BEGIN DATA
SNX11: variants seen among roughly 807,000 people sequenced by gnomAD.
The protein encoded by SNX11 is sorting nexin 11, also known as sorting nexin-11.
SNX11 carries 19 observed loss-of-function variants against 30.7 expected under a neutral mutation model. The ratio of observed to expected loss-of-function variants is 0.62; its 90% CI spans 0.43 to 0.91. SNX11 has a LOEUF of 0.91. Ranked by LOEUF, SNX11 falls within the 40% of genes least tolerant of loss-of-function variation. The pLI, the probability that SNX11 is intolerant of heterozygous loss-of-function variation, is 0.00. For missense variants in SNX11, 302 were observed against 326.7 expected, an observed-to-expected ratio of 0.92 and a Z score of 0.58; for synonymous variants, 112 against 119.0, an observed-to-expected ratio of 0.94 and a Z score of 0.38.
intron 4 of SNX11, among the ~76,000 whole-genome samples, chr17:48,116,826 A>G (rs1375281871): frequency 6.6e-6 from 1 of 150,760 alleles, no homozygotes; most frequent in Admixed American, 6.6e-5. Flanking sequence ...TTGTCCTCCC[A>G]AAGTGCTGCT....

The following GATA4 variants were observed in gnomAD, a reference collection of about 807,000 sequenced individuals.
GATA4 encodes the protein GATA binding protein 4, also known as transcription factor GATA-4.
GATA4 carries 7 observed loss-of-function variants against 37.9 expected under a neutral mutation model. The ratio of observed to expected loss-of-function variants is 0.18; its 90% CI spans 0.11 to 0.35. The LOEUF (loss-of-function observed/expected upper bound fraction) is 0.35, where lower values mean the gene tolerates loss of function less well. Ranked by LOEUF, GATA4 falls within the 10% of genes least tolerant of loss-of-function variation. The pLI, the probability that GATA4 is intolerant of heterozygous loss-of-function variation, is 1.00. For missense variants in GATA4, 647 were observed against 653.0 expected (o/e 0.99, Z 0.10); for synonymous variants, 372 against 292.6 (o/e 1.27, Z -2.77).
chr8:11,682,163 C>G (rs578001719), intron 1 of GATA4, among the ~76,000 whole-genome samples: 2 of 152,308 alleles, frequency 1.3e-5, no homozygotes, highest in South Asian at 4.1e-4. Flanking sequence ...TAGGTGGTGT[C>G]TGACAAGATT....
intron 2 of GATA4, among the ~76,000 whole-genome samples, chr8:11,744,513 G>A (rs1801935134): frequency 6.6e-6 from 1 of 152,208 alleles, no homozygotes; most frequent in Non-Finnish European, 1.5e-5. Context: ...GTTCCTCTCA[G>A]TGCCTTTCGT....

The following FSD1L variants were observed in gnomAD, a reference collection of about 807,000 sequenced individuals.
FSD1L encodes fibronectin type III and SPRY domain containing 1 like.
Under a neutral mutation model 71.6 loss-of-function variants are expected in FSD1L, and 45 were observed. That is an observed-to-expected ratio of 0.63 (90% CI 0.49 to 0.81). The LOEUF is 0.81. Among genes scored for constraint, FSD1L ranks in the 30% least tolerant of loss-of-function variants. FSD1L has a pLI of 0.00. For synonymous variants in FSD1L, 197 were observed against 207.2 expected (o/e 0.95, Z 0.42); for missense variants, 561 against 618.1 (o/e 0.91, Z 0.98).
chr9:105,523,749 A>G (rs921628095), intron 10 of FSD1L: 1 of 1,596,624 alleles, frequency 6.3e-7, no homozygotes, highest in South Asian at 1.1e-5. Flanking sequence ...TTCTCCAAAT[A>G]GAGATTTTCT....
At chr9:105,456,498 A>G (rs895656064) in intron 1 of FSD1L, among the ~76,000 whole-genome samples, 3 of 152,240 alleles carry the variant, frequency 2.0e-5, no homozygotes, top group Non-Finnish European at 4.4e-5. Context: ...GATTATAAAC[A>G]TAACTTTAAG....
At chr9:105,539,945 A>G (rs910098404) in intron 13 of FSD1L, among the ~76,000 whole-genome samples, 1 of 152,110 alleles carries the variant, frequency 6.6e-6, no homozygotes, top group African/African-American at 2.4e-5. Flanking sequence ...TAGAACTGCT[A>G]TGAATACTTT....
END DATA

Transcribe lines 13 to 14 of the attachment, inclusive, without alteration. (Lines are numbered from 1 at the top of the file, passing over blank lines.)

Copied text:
chr9:105,523,749 A>G (rs921628095), intron 10 of FSD1L: 1 of 1,596,624 alleles, frequency 6.3e-7, no homozygotes, highest in South Asian at 1.1e-5. Flanking sequence ...TTCTCCAAAT[A>G]GAGATTTTCT....
At chr9:105,456,498 A>G (rs895656064) in intron 1 of FSD1L, among the ~76,000 whole-genome samples, 3 of 152,240 alleles carry the variant, frequency 2.0e-5, no homozygotes, top group Non-Finnish European at 4.4e-5. Context: ...GATTATAAAC[A>G]TAACTTTAAG....